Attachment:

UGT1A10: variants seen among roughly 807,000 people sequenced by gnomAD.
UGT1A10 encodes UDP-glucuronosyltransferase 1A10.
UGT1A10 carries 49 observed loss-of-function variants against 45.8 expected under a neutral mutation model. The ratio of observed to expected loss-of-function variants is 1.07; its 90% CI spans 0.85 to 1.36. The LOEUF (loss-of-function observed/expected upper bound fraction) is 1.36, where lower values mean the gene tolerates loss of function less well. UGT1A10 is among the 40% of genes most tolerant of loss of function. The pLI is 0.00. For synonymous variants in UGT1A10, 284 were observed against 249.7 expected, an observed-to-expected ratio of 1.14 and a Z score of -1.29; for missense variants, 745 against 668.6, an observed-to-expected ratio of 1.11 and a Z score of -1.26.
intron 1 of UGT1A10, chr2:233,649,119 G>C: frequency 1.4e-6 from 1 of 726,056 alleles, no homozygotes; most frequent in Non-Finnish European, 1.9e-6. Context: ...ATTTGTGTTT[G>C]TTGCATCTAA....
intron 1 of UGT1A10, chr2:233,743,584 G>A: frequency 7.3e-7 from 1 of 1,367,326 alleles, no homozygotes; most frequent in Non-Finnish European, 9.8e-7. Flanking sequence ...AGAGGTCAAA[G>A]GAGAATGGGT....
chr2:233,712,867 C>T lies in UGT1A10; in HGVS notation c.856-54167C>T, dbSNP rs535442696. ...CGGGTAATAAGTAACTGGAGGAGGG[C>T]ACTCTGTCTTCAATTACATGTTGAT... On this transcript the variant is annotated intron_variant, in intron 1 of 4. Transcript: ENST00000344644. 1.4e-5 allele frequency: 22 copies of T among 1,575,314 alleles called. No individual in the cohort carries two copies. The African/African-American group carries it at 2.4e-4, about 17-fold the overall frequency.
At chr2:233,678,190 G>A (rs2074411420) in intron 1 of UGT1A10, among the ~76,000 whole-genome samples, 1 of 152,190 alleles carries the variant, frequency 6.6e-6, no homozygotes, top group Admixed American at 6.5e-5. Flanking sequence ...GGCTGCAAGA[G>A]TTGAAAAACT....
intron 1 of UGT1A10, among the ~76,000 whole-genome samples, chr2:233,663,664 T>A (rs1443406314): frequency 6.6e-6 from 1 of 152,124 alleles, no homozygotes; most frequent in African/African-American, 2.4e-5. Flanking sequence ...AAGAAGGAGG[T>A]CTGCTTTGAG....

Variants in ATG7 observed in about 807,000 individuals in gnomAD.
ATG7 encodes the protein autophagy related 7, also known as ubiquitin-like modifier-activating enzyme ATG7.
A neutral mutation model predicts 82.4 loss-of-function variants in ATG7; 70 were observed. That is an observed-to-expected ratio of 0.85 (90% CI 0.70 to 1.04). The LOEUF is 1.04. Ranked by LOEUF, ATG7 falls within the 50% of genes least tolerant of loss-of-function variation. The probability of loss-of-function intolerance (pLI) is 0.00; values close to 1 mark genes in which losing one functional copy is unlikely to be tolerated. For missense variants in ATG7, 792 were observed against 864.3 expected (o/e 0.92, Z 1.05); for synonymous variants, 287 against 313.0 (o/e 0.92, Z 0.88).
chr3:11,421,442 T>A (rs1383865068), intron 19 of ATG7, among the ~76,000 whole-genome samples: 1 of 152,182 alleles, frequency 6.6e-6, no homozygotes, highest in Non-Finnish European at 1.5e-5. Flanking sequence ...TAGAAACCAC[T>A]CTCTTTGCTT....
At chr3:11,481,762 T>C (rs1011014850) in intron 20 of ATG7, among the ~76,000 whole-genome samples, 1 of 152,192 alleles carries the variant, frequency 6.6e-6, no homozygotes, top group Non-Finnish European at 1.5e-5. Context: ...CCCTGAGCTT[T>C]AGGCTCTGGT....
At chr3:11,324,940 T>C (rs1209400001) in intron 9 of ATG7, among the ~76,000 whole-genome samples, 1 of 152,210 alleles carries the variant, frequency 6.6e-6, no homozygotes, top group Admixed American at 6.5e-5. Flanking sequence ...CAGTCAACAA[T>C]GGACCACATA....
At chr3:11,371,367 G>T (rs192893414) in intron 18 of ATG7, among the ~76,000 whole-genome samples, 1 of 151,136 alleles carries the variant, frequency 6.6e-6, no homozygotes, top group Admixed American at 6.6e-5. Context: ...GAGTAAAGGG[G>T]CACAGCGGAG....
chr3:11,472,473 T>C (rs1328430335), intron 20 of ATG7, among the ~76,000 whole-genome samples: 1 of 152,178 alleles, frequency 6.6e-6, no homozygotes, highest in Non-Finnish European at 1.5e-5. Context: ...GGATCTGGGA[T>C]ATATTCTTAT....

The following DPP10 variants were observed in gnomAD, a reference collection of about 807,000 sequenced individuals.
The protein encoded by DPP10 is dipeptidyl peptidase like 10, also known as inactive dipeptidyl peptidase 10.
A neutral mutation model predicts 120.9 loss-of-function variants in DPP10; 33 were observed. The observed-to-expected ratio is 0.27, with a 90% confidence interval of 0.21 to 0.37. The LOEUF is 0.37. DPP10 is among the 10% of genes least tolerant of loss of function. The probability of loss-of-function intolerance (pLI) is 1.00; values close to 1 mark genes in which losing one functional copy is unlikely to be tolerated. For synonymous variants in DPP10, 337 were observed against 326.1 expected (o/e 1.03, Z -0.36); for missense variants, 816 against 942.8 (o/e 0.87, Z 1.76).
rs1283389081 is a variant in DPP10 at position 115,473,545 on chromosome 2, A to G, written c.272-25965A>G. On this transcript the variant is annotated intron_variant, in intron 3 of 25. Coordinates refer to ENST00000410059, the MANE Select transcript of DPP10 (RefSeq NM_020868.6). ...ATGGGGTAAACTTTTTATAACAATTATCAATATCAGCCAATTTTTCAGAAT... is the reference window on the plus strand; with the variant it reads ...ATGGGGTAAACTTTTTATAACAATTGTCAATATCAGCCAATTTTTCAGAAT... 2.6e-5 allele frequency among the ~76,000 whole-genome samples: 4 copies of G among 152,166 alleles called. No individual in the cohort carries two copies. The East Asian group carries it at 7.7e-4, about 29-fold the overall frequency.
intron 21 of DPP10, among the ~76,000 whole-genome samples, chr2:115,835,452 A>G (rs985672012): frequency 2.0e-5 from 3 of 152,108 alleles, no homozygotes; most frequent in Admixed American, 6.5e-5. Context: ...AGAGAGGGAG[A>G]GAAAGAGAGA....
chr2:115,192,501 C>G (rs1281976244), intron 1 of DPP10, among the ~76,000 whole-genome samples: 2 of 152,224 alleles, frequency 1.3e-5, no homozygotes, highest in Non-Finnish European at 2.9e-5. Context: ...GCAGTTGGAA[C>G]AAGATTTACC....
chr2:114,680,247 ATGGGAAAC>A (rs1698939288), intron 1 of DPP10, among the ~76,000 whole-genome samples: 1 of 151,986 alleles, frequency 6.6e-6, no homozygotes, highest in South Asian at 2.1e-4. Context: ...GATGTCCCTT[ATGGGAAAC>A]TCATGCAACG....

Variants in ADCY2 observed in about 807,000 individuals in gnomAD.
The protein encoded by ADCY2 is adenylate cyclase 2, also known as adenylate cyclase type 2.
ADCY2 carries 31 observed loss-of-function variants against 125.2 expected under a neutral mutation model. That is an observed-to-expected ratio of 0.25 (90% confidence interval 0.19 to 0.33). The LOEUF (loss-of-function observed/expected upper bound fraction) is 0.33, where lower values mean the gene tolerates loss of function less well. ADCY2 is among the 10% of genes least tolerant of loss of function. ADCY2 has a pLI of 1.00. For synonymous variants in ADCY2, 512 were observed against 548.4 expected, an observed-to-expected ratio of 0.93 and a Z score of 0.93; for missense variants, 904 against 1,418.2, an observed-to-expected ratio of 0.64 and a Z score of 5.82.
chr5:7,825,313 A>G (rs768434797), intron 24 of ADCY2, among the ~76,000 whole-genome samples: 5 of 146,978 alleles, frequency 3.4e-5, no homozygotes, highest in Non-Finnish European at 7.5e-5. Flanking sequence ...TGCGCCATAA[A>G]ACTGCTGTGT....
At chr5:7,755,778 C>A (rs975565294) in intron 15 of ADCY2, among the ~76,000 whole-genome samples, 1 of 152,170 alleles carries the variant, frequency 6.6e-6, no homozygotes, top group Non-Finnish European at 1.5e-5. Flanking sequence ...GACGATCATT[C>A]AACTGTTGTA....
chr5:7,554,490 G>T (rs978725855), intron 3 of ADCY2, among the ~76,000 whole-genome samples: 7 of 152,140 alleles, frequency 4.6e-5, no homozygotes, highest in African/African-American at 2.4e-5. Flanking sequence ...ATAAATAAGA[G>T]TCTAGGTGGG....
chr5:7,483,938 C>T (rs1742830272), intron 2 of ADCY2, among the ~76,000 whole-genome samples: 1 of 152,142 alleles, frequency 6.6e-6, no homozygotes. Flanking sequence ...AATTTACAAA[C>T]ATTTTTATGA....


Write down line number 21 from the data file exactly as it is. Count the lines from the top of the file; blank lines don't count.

intron 21 of DPP10, among the ~76,000 whole-genome samples, chr2:115,835,452 A>G (rs985672012): frequency 2.0e-5 from 3 of 152,108 alleles, no homozygotes; most frequent in Admixed American, 6.5e-5. Context: ...AGAGAGGGAG[A>G]GAAAGAGAGA....